Prudential-Bache was also groping for an advertising response last Monday. For more than a year it had used the tag line "Rock Solid. Market Wise," playing on Prudential's Rock of Gibraltar trademark. After a 508-point plunge, the decision-makers agreed, investors would be more receptive to claims of solidity than wisdom.
Newspaper ads, which featured "Rock Solid" in two-inch type, ran in 15 cities last Thursday; radio spots hit the airwaves Friday. Pru-Bache CEO George Ball will not appear in any of them, but he reportedly contributed the "Now, especially now" line. The brokerage will substantially increase its media buying for the new ads, though it won't say by how much.
To put Prudential-Bache's television commercials on the air eight days after the meltdown, "people worked day and night last week, 20-hour days," Joan Rothberg said. "People who didn't live in town stayed in town and got it done ... We did everything double-time."
The ad was written Tuesday, polished and approved on Wednesday. Locations were scouted on Thursday; the film was shot Friday at Pru-Bache headquarters at One Seaport Plaza because there was no time to build a set. The crew simply borrowed props from adjacent offices, a desk here, a computer terminal there, a briefcase from senior veep Costiglio. Just like the actors in the ad, real Prudential staffers were at work when the film crew arrived at 6 a.m. Friday and were still there when the equipment was cleared at 8 p.m. "They're probably still there," says Rothberg.
Not every investment firm pulled out the stops: E.F. Hutton, which has done its advertising in house for several years, contented itself with full-page "open letter" ads in newspapers to announce extended office hours.
Shearson Lehman Bros., however, taped its black-and-white "Talk to Us" commercial on Wednesday and put it on the air Friday. They are feeling a trifle smug at Shearson. Five years ago its ad agency, McCann-Erickson, developed a quick, cheap "tactical campaign" to respond to market changes: white type on a black background with a voice-over. "We can literally be on the air in three to four days if we need to be," says Cathleen Stewart, senior vice president for marketing. Before Oct. 19, the black-and-whites discussed rising interest rates. The current one talks about the "unsettling" and "unprecedented" events in the stock market and urges, "Now, more than ever, talk to us." The ad was produced for a paltry $7,000.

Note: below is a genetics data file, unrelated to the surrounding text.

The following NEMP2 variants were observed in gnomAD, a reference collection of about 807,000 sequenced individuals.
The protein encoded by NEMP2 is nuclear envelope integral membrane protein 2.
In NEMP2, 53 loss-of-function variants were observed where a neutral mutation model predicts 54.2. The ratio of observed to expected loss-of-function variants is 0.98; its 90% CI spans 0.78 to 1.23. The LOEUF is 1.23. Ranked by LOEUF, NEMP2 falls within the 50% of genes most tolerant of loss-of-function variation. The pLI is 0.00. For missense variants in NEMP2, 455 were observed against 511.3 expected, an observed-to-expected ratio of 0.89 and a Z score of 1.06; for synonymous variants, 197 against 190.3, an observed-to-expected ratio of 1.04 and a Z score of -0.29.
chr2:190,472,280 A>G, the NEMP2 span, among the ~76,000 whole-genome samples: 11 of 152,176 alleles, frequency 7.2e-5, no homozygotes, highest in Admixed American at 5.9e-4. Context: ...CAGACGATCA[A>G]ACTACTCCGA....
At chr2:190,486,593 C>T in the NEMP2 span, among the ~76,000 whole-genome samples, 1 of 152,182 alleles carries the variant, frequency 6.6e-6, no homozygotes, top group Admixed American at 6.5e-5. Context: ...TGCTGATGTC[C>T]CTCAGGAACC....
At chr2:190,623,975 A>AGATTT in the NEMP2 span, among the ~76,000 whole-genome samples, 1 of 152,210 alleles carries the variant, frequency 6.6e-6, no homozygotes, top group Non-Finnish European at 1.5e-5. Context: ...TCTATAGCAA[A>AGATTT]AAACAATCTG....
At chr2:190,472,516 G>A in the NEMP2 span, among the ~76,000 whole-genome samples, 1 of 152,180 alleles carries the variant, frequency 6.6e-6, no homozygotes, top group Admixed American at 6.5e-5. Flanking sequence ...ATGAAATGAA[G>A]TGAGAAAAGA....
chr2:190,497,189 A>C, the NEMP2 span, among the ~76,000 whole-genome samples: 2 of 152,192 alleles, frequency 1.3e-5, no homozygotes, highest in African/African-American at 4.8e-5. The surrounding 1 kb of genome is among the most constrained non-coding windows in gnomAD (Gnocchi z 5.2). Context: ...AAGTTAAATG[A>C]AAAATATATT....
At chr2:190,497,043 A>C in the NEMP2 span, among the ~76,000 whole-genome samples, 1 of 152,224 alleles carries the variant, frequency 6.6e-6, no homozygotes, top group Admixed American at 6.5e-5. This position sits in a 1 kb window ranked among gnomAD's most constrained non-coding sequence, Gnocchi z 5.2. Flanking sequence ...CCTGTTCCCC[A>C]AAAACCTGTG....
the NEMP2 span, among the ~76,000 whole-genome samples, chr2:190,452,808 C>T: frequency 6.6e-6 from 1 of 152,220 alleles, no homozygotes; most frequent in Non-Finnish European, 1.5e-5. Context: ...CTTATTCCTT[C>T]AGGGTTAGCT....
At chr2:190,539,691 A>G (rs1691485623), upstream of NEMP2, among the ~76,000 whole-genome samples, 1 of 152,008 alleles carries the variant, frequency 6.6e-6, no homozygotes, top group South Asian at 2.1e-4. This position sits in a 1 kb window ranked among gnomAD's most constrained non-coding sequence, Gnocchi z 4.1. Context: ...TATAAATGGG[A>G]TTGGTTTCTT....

"You don't have two chances to do this," Stewart reflects. "We did get some advertising out; we could be visible. By implication, we could say, 'We're here.' "
Meanwhile, banks are jumping into the fray to promote their suddenly more attractive certificates of deposit. Chemical Bank's newspaper ad, for example, features a large head shot of a bear. "Chemical Bank," it says underneath. "For people who are finding the market unbearable."
Several agencies are already pondering the next generation of crisis advertising. It's a day-by-day decision, the ad makers watching the ticker along with everybody else, sometimes with the same sinking sensation.
"I should have gone with my feelings the week before; I was going to buy S&P 500 puts," lamented Kathy Crafts, a Bozell, Jacobs copywriter on the Merrill Lynch account. "My personal financial life was also crashing ... I was grateful we were so busy at work; otherwise I would've been crying."